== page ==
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Importers cautiously welcome EU-China textile agreement
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European importers on Wednesday expressed cautious welcome to the new textile agreement between the European Union (EU) and China, which replaces import quotas with joint monitoring of trade flow in 2008.


"We welcome the fact that quotas have ended, but the double checking system will put administrative burden on our members, and on importers and retailers," Stuart Newman, a spokesman for the Foreign Trade Association (FTA) representing EU importers, told Xinhua.


The European Commission announced on Tuesday it had reached an agreement with China to end quota restrictions on Chinese textile imports with a joint surveillance system to monitor the trade flow next year.


The so-called "double checking system", which will operate for one year in 2008, is going to track the issuing of licenses for export in China and the importation of goods into the EU.


Following a so-called "textile war", the EU and China reached an agreement in June 2005 on resuming quotas on China's textile exports to the EU, which expires at the end of 2007.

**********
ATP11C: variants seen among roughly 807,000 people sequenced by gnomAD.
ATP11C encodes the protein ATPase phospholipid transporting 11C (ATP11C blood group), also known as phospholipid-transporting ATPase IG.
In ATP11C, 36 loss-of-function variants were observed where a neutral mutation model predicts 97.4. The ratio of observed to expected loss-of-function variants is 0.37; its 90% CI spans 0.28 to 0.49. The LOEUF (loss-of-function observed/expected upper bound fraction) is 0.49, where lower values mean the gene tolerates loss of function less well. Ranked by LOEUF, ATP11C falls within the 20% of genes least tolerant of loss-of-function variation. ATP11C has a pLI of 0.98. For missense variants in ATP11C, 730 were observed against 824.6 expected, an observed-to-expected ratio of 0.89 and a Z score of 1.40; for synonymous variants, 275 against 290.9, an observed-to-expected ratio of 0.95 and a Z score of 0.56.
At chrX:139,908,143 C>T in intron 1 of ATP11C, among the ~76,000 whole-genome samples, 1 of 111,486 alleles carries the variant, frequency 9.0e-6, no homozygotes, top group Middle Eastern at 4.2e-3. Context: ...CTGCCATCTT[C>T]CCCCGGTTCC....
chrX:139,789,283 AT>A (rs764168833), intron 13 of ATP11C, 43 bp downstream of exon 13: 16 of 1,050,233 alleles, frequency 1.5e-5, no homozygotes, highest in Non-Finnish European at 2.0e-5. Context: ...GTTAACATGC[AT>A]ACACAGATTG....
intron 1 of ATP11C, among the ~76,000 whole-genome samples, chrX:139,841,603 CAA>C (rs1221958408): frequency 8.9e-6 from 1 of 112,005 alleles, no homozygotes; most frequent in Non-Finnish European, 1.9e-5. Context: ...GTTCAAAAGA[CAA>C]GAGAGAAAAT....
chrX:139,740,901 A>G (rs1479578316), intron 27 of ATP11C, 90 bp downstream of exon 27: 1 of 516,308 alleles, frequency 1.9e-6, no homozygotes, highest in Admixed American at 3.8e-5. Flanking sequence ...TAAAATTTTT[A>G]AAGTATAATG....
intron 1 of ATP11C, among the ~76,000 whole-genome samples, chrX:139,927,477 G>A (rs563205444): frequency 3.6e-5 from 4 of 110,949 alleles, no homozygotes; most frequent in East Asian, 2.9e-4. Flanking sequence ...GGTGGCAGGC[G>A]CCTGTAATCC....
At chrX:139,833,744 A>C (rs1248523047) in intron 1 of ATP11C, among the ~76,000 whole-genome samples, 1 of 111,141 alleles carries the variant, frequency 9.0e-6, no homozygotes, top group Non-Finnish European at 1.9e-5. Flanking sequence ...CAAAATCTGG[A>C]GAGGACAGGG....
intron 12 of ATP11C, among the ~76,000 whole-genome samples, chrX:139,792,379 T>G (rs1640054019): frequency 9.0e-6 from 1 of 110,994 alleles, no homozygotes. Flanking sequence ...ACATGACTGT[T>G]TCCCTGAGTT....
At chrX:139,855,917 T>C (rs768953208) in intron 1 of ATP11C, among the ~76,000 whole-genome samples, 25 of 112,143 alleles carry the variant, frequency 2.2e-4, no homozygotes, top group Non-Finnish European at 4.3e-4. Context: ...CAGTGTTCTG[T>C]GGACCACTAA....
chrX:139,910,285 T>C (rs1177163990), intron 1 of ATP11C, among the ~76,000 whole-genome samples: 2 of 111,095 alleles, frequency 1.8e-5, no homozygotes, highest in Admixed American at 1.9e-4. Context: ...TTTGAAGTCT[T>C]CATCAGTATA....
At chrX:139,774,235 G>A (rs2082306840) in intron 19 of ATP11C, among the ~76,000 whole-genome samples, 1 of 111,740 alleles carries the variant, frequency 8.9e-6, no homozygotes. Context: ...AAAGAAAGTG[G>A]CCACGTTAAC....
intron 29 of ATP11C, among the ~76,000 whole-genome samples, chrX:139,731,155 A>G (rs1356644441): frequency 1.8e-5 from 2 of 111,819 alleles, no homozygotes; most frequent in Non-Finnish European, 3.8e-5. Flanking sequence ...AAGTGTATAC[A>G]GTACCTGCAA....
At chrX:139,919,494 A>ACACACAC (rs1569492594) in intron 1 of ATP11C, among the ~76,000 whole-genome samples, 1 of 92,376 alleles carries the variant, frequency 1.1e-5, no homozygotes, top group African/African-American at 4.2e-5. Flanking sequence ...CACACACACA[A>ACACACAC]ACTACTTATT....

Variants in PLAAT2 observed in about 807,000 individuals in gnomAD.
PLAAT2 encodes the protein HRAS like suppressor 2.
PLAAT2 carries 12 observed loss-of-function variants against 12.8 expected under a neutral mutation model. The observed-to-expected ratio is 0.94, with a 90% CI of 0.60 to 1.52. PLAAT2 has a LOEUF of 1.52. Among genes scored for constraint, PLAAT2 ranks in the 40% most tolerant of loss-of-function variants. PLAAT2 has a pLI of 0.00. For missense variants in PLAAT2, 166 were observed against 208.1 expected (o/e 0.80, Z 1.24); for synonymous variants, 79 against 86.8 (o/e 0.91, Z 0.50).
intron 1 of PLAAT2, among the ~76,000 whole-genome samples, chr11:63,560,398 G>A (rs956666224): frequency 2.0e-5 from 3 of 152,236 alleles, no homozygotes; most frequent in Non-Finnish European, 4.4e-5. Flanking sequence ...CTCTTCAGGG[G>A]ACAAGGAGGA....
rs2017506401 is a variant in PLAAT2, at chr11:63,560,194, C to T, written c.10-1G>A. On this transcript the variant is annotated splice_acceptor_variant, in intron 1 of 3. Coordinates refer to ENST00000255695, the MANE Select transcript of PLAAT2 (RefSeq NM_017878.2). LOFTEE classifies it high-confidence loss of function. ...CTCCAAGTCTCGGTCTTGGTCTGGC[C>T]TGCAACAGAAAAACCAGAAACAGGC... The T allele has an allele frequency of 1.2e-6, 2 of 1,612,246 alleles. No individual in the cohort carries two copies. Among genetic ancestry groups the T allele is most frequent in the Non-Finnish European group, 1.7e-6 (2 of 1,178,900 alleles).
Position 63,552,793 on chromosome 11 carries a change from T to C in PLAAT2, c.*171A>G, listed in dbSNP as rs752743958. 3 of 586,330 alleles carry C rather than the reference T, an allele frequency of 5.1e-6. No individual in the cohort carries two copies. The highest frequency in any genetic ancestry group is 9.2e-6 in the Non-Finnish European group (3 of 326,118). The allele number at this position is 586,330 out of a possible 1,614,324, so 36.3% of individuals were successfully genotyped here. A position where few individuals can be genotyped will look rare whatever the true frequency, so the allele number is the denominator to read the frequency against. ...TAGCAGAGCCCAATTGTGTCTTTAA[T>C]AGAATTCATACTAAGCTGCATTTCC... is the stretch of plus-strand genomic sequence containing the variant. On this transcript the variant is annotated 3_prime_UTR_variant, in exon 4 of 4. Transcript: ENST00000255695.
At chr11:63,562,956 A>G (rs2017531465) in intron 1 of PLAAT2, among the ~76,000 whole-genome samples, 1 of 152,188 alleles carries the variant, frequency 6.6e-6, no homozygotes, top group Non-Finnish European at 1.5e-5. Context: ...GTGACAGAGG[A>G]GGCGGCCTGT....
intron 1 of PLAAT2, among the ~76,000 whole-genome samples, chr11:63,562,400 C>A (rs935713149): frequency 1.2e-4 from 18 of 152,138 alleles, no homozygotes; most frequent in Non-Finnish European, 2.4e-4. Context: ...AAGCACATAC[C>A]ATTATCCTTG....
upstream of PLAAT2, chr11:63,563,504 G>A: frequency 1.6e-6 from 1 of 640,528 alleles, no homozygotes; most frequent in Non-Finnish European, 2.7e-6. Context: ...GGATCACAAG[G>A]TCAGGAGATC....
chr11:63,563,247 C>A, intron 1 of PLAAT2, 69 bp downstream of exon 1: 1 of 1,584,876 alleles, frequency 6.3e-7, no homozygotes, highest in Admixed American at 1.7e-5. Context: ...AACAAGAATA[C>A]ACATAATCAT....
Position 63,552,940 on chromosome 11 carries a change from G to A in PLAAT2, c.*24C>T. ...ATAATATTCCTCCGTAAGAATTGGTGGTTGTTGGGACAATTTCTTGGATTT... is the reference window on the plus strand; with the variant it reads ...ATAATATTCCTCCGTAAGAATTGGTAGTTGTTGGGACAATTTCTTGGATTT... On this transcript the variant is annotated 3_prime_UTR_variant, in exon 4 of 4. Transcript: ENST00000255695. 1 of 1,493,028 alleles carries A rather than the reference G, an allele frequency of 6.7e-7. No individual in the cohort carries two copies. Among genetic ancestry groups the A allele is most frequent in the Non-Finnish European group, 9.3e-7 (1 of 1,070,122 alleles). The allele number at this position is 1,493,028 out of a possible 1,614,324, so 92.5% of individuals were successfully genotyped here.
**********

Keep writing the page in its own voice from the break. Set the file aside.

Newman said the introduction of the monitoring system was at least a better choice than the retention of quotas as pressed for by EU textile producers and some member states.


Michael Jennings, a commission spokesman for trade, described the new system as basically data collection and double check.


"We will be sharing information with the Chinese side. It's a good opportunity for us to monitor together," he said in a telephone interview with Xinhua.


Meanwhile, Jennings warned the double checking system will not exclude the possibility of using special trade protection measures again if a surge of imports is monitored, which may replay the scene in the 2005 textile trade friction.


Newman said they will advise their members not to buy all the products from China, but look elsewhere to avoid a surge in imports.


"I don't think the monitoring system itself will affect the trade flow, but I think importers will be more cautious about importing from China than it was in 2005," he said.


(Xinhua News Agency October 12, 2007)


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